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Final Goodbye



Final Goodbye

I got the following from e-mail recently.  It contains a
very powerful, eloquently poignant account of what
you miss when you live day to day with a friend or
loved one, and when they part this world, you are left
with only memories, because they were "There".  Take
care to appreciate these special people in your life, by
sharing time with them more often,
while they are here!


A Final Goodbye

"I am going home to Denmark, Son, and I just wanted to tell you I love

you." In my dad's last telephone call to me, he repeated that line seven

times in a half hour. I wasn't listening at the right level. I heard the words,

but not the message, and certainly not their profound intent. I believed my

dad would live to be over 100 years old, as my great uncle lived to be 107

years old. I had not felt his remorse over Mom's death, understood his

intense loneliness as an "empty nester," or realized most of his pals had

long since light-beamed off the planet. He relentlessly requested my brothers

and I create Grandchildren so that he could be a devoted grandfather.

I was too busy "entrepreneuring" to really listen.

"Dad's dead," sighed my brother Brian on July 4, l982.

My little brother is a witty lawyer and has a humorous, quick mind.

I thought he was setting me up for a joke, and I awaited the punchline,

there wasn't one. "Dad died in the bed he was born in - in Rozkeldj,"

continued Brian. "The funeral directors are putting him in a coffin, and

shipping Dad and his belongings to us tomorrow. We need to prepare for

the funeral."

I was speechless. This isn't the way it's supposed to happen. If I knew

these were to be Dad's final days, I would have asked to go with Him to

denmark. I believe in the hospice movement, which ways: "No one should

die alone." A loved one should hold your hand and comfort you as you transition

from one plane of reality to another. I would have offered consolation during

his final hour, if I'd been really listening, thinking and in tune with the Infinite.

Dad announced his departure as best he could, and I had missed it.

I felt grief, pain and remorse, Why had I not been there for him?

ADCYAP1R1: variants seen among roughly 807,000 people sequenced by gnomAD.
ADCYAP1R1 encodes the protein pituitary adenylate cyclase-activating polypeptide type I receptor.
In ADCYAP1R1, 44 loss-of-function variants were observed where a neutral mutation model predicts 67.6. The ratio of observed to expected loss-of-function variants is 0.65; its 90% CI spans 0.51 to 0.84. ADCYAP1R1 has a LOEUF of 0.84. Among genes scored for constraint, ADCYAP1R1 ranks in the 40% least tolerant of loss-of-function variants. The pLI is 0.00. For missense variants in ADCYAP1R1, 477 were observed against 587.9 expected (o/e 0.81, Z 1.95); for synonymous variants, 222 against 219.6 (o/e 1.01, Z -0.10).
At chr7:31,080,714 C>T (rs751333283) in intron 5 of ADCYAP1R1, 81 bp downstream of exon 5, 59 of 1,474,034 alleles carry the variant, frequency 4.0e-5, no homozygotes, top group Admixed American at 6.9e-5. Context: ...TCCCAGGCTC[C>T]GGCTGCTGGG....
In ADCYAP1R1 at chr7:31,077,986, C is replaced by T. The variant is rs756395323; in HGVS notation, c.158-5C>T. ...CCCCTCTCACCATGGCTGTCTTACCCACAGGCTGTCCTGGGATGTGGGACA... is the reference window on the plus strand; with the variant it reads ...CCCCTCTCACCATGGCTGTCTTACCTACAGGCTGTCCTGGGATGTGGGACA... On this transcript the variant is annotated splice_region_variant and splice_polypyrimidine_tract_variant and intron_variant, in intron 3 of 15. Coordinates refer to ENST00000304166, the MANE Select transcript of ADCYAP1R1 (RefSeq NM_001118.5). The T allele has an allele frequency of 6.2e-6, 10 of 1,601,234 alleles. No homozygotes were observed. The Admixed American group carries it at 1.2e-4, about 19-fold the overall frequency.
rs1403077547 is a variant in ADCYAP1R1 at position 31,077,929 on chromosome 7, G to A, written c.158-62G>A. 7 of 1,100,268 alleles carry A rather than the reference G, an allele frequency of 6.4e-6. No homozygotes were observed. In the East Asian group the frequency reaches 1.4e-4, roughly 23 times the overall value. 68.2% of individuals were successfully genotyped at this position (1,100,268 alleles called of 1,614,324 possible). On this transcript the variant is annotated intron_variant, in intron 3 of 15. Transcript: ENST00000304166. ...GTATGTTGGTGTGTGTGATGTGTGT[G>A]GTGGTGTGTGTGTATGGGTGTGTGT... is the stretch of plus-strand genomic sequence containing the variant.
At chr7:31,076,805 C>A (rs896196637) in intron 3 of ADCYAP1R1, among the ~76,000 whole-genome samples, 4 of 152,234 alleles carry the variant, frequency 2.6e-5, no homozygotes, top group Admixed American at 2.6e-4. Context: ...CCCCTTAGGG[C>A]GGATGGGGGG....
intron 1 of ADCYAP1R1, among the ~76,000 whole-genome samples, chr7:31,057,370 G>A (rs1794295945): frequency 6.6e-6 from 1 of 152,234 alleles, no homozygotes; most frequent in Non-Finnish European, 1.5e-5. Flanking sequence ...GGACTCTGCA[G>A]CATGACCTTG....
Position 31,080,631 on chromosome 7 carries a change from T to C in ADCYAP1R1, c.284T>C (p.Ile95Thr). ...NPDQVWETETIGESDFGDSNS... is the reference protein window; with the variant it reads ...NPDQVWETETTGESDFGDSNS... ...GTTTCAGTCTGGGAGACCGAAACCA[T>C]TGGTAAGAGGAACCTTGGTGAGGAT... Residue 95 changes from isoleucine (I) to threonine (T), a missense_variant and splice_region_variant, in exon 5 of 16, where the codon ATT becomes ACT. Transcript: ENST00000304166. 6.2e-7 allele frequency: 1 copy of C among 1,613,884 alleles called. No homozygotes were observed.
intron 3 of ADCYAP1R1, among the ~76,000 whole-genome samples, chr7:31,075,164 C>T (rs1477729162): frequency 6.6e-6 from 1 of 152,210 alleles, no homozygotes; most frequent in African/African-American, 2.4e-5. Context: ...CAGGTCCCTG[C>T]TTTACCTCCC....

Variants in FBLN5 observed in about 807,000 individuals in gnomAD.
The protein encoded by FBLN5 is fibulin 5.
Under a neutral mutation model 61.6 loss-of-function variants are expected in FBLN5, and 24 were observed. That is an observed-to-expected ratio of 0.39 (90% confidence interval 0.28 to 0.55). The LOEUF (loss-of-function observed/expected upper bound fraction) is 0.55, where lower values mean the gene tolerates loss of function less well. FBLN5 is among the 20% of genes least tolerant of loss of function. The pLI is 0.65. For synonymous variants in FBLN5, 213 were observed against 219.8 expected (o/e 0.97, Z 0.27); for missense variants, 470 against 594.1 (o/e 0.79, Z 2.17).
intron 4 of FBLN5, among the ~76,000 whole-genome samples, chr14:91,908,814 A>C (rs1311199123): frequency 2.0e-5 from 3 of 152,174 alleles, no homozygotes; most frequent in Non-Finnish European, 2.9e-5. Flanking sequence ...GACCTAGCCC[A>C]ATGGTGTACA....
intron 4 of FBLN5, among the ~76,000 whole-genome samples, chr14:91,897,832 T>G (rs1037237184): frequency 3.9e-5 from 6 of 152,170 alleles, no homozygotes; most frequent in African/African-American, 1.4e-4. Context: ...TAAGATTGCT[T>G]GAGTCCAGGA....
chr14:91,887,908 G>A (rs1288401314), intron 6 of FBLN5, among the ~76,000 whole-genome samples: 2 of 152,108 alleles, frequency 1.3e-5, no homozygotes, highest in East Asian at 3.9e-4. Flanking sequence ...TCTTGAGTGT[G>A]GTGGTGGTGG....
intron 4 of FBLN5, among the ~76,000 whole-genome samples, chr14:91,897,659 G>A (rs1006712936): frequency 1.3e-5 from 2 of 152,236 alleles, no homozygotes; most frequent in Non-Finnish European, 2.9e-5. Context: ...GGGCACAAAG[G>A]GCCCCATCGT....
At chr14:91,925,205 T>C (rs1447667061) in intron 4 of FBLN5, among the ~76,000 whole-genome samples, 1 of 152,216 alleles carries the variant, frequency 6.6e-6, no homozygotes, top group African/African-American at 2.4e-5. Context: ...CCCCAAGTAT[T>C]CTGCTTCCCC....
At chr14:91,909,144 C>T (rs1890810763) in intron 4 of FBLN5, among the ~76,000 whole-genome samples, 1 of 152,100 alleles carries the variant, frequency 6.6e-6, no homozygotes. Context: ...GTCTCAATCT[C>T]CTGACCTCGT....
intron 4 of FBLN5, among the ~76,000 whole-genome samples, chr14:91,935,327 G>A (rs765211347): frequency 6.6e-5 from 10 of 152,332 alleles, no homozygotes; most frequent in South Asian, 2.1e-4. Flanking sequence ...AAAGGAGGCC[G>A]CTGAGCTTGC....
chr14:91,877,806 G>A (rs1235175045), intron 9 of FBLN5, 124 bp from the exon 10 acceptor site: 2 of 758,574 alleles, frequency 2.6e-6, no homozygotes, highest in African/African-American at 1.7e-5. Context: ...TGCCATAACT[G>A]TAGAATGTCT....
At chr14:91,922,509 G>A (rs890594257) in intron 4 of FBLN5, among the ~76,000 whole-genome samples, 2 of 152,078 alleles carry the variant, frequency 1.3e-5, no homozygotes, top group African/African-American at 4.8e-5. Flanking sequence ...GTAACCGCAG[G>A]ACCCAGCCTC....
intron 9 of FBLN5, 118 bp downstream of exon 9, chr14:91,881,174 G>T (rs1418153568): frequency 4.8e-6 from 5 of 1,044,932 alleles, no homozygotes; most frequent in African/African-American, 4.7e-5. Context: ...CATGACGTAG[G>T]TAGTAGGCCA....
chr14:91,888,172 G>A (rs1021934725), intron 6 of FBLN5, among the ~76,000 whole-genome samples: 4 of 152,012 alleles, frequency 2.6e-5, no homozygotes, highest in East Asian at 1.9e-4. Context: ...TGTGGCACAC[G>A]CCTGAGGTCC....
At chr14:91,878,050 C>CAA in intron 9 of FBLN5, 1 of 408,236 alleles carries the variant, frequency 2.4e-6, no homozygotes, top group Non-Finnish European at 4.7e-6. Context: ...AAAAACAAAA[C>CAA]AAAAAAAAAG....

He'd always been there for me.

In the mornings when I was nine years old, he would come home from

working 18 hours at his bakery and wake me up at 5:00 A.M. by scratching

my back with his strong powerful hands and whispering, "Time to get up, son."

By the time I was dressed and ready to roll, he had my newspapers

folded, banded and stuffed in my bicycle basket. Recalling his generosity

of spirit brings tears to my eyes. When I was racing bicycles, he drove me

50 miles each way to Kenosha, Wisconsin, every Tuesday night so I could

race and he could watch me. He was there to hold me if I lost and shared

the euphoria when I won.

Later, he accompanied me to all my local talks in Chicago when

I spoke to Century 21, Mary Kay, Equitable and various churches.

He always smiled, listened and proudly told whomever he was sitting with,

"That's my boy!"

After the fact, my heart was in pain because Dad was there for me and

I wasn't there for him. My humble advice is to always, always share your

love with your loved ones, and ask to be invited to that sacred transitional

period where physical life transforms into spiritual life. Experiencing the

process of death with one you love will take you into a bigger, more

expansive dimension of beingness.

By Mark Victor Hansen

Thank you, Mark for expressing this most important point, that we
need to share while among the living..to make and be lasting memories
for members of our next generation, and to make happy and worthwhile
the lives of the beloved people who are making memories for us!!